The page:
5.Prohibit the use of consumer-grade instant messaging and chat. These programs are often used to bypass corporate monitoring and logging of communications. Individuals intent on sharing information with a competitor or co-conspirator will often use instant messaging.

6.Implement enterprise/digital rights management to restrict permissions on corporate files and control the actions a user can take on specific files.

7.Immediately disable network access and remote access for terminated employees. See “You’re Fired!” in the March 2005 issue of Security Technology & Design (p.74)) for tips on how to do this.

8.When employees leave, ask them to sign a document stating that they have removed all proprietary information and software from home computer systems. While this may not always be effective, it shows that you are taking every step possible to protect your information. Producing this document in court during an intellectual property or theft of trade secrets case could prove helpful.

9.Consistently and aggressively go after employees who violate non-compete agreements in jurisdictions where they are enforceable. Encourage your organization’s legal team to learn about the civil remedies associated with the Computer Fraud and Abuse Act (CFAA). While this is a criminal statute, it has been effectively applied to theft of trade secrets cases. It has a very low threshold of $5,000 which may be easily reached during an investigation into the loss of trade secrets. See Nick Ackerman’s excellent article, “Trade Secrets: CFAA’s $5,000 Threshold” (www.dorsey.com/news/).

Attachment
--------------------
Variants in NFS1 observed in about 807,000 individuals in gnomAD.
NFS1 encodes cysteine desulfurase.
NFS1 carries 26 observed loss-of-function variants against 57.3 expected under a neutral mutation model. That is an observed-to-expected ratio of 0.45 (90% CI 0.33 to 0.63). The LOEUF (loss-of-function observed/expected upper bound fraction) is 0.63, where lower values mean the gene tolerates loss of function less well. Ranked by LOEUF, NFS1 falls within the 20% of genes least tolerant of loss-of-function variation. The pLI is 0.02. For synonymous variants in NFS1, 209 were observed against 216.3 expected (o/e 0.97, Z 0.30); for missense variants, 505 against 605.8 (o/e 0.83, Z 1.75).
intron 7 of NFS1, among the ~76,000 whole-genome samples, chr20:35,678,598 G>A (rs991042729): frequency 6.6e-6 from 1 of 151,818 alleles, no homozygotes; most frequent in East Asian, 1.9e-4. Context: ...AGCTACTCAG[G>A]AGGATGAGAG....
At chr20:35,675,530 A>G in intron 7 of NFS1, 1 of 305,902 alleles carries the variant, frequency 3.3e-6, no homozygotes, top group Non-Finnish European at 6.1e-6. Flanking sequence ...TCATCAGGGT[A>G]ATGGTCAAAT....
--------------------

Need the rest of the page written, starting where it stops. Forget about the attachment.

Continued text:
Strong Policy Is the Foundation All the measures outlined above should be added to standard IT security policies and procedures such as

• an acceptable use policy for corporate computer systems. Have employees sign it and put it in their personnel folder.

• secure passwords that are changed periodically. • anti-virus programs that are kept up to date.

• forensically wiping the hard drives of discarded computers.

• updating all operating systems and applications.

• intrusion prevention/intrusion detection systems. Ensure they are monitored frequently by a qualified individual.

• periodic assessments of your network security. These should include a combination of third-party vulnerability assessments and the judicious use of tools such as the Microsoft Baseline Security Analyzer and the benchmark and scoring tools available from the Center for Internet Security (www.cisecurity.com).

Listing these fundamental IT security principles seems a little silly, but I have been involved in the IT security industry for 10 years, and I still see organizations that overlook one or more of these steps. By combining a sound IT security program with the internal controls mentioned in this article, organizations can maintain control over their proprietary information and trade secrets.

John Mallery is a managing consultant for BKD, LLP, one of the 10 largest accounting firms in the United States. He works in the Forensics and Dispute Consulting unit and specializes in computer forensics. He is also a co-author of Hardening Network Security, which was recently published by McGraw-Hill. Mr. Mallery can be reached at jmallery@bkd.com